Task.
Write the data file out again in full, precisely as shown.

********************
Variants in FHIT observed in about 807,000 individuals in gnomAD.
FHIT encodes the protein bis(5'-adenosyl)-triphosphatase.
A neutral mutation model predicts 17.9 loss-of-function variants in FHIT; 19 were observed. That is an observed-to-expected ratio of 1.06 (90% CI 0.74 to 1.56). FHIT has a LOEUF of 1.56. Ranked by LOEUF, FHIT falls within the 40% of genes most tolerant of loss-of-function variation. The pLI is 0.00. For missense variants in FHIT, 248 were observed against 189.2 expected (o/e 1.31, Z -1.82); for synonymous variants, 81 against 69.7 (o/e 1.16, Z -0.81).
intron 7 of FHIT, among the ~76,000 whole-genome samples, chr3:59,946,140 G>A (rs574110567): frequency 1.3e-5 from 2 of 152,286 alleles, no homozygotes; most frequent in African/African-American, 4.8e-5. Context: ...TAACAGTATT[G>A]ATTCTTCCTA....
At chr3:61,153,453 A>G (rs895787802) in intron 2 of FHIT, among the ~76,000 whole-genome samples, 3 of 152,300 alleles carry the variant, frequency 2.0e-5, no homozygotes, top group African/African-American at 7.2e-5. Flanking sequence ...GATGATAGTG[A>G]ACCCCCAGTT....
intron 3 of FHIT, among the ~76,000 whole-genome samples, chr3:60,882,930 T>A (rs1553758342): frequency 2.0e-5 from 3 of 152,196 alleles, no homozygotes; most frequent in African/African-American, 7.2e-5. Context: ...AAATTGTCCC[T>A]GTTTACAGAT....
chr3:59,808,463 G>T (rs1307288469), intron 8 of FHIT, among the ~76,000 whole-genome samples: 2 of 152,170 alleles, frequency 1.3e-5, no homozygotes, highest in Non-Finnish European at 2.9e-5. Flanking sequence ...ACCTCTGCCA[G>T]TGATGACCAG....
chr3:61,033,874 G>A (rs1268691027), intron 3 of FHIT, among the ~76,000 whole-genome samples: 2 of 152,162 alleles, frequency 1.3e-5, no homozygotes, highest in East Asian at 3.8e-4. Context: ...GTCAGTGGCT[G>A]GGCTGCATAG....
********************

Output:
Variants in FHIT observed in about 807,000 individuals in gnomAD.
FHIT encodes the protein bis(5'-adenosyl)-triphosphatase.
A neutral mutation model predicts 17.9 loss-of-function variants in FHIT; 19 were observed. That is an observed-to-expected ratio of 1.06 (90% CI 0.74 to 1.56). FHIT has a LOEUF of 1.56. Ranked by LOEUF, FHIT falls within the 40% of genes most tolerant of loss-of-function variation. The pLI is 0.00. For missense variants in FHIT, 248 were observed against 189.2 expected (o/e 1.31, Z -1.82); for synonymous variants, 81 against 69.7 (o/e 1.16, Z -0.81).
intron 7 of FHIT, among the ~76,000 whole-genome samples, chr3:59,946,140 G>A (rs574110567): frequency 1.3e-5 from 2 of 152,286 alleles, no homozygotes; most frequent in African/African-American, 4.8e-5. Context: ...TAACAGTATT[G>A]ATTCTTCCTA....
At chr3:61,153,453 A>G (rs895787802) in intron 2 of FHIT, among the ~76,000 whole-genome samples, 3 of 152,300 alleles carry the variant, frequency 2.0e-5, no homozygotes, top group African/African-American at 7.2e-5. Flanking sequence ...GATGATAGTG[A>G]ACCCCCAGTT....
intron 3 of FHIT, among the ~76,000 whole-genome samples, chr3:60,882,930 T>A (rs1553758342): frequency 2.0e-5 from 3 of 152,196 alleles, no homozygotes; most frequent in African/African-American, 7.2e-5. Context: ...AAATTGTCCC[T>A]GTTTACAGAT....
chr3:59,808,463 G>T (rs1307288469), intron 8 of FHIT, among the ~76,000 whole-genome samples: 2 of 152,170 alleles, frequency 1.3e-5, no homozygotes, highest in Non-Finnish European at 2.9e-5. Flanking sequence ...ACCTCTGCCA[G>T]TGATGACCAG....
chr3:61,033,874 G>A (rs1268691027), intron 3 of FHIT, among the ~76,000 whole-genome samples: 2 of 152,162 alleles, frequency 1.3e-5, no homozygotes, highest in East Asian at 3.8e-4. Context: ...GTCAGTGGCT[G>A]GGCTGCATAG....